Teachers are the most important school based factor in advancing students’ learning and supporting their social-emotional development.
Through decades of shifting school reforms, policymakers have consistently called for stronger and more effective teacher learning opportunities as a means to school improvement. However, while research shows that effective professional learning (PL) can improve teacher practice and student outcomes, as a field we have struggled to develop PL opportunities that translate into improved student outcomes at scale.
A recent synthesis of research on math and science PL programs found that fewer than half significantly shifted teacher knowledge and practice, and only one third moved student outcomes. And across the country, many teachers report that they are not satisfied with the learning opportunities available to them.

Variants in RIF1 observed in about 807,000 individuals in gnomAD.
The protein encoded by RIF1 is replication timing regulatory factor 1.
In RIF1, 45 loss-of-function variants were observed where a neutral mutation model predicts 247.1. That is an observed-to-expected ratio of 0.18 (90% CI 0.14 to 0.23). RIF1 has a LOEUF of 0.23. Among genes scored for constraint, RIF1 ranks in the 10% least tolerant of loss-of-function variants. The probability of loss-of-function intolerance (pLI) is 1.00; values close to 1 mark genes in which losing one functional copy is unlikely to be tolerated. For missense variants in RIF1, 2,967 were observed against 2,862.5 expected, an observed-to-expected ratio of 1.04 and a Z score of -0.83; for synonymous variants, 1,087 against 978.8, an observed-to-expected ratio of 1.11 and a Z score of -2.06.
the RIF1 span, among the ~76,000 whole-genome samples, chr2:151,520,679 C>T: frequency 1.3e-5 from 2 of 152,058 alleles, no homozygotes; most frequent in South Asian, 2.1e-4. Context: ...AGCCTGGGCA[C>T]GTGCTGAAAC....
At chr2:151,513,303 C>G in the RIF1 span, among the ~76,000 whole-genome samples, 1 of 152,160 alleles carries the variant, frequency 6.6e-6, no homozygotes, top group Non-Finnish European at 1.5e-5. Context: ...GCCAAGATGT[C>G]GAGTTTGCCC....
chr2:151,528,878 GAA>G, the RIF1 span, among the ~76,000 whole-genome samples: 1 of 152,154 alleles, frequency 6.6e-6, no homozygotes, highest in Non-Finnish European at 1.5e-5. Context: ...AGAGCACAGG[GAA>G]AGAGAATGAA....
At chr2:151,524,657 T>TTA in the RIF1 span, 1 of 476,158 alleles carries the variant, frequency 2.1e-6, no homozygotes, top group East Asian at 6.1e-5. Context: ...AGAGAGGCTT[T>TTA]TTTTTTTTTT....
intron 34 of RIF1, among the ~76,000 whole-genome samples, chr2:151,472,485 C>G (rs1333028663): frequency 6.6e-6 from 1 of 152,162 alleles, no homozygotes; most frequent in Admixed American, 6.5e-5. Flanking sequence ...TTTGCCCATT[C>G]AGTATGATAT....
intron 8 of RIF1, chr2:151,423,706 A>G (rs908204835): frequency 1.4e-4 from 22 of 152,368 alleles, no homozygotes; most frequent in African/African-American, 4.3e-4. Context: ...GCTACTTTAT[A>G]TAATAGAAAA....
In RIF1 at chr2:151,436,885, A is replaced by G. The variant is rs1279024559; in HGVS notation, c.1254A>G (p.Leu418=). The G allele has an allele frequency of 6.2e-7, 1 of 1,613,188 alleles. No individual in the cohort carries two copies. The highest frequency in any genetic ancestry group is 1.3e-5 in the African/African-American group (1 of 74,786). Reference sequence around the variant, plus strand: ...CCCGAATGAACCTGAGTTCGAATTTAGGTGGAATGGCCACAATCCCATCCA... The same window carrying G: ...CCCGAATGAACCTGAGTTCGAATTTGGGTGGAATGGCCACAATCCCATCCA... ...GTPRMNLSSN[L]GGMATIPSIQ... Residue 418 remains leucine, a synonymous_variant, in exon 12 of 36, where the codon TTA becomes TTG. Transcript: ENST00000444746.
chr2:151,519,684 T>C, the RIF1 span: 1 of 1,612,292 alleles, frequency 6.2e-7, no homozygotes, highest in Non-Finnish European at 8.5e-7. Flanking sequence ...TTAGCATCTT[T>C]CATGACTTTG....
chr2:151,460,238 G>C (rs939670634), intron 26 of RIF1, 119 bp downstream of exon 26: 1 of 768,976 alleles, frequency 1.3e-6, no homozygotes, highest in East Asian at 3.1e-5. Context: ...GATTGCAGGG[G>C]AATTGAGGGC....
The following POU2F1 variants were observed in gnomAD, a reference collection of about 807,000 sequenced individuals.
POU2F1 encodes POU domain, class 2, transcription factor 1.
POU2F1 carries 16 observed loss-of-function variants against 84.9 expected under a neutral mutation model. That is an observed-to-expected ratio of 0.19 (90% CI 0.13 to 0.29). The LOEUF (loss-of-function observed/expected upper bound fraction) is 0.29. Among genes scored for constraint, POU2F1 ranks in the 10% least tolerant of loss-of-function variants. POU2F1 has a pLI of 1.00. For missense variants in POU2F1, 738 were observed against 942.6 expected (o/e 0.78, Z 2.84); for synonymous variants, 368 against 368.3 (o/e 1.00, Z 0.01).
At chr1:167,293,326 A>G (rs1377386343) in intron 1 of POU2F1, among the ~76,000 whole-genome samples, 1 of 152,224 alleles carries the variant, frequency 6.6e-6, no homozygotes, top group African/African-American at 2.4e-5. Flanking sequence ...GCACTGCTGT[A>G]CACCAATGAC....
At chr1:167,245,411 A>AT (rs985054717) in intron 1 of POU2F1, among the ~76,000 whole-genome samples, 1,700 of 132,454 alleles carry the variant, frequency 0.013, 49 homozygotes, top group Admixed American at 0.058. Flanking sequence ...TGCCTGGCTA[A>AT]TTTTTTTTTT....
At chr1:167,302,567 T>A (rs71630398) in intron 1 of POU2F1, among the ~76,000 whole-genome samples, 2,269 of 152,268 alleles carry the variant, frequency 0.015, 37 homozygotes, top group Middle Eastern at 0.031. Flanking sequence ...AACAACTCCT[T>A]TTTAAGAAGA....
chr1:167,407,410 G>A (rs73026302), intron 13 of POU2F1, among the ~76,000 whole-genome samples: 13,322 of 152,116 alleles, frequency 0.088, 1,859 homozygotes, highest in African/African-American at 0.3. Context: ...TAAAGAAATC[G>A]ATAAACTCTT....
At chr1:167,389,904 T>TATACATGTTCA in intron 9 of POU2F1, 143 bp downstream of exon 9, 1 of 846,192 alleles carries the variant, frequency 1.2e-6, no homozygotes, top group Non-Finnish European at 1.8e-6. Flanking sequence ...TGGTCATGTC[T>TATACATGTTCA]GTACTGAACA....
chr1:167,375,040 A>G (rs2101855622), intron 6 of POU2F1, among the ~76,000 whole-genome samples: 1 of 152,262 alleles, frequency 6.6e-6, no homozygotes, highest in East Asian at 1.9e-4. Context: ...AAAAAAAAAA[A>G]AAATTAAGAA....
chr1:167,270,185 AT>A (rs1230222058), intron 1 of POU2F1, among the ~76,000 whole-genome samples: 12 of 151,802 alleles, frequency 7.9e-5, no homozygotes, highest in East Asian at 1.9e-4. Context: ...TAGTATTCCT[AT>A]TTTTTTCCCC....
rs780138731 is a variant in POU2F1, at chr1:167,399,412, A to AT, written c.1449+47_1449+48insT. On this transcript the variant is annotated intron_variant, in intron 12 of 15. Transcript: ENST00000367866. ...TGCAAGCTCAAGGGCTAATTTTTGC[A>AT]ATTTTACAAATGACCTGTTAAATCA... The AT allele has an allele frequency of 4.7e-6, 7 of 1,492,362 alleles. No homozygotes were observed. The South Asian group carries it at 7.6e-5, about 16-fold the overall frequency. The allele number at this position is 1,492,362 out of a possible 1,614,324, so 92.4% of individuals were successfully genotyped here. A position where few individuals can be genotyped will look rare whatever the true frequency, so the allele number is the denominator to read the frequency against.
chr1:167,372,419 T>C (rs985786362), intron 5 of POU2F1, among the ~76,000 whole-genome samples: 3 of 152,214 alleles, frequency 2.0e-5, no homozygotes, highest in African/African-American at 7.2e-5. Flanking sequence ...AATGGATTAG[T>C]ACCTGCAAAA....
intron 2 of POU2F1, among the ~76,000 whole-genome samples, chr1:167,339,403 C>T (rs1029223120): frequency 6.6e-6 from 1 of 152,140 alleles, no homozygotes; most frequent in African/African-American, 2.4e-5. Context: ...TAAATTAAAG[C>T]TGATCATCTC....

Unfortunately, despite a large body of research on PL, we do not have great evidence on how best to design effective programs. Calls to improve PL tend to rely on a relatively slim set of design principles derived from studies that generalize common features across effective programs. However, most PL programs are designed as comprehensive packages, and much of the existing research tests only whether these programs work. This makes it difficult to isolate individual features that drive teacher learning. Because so much of the existing PL research is unable to isolate design choices faced by PL providers, these studies provide relatively little insight into what it will take to generate more effective PL at scale.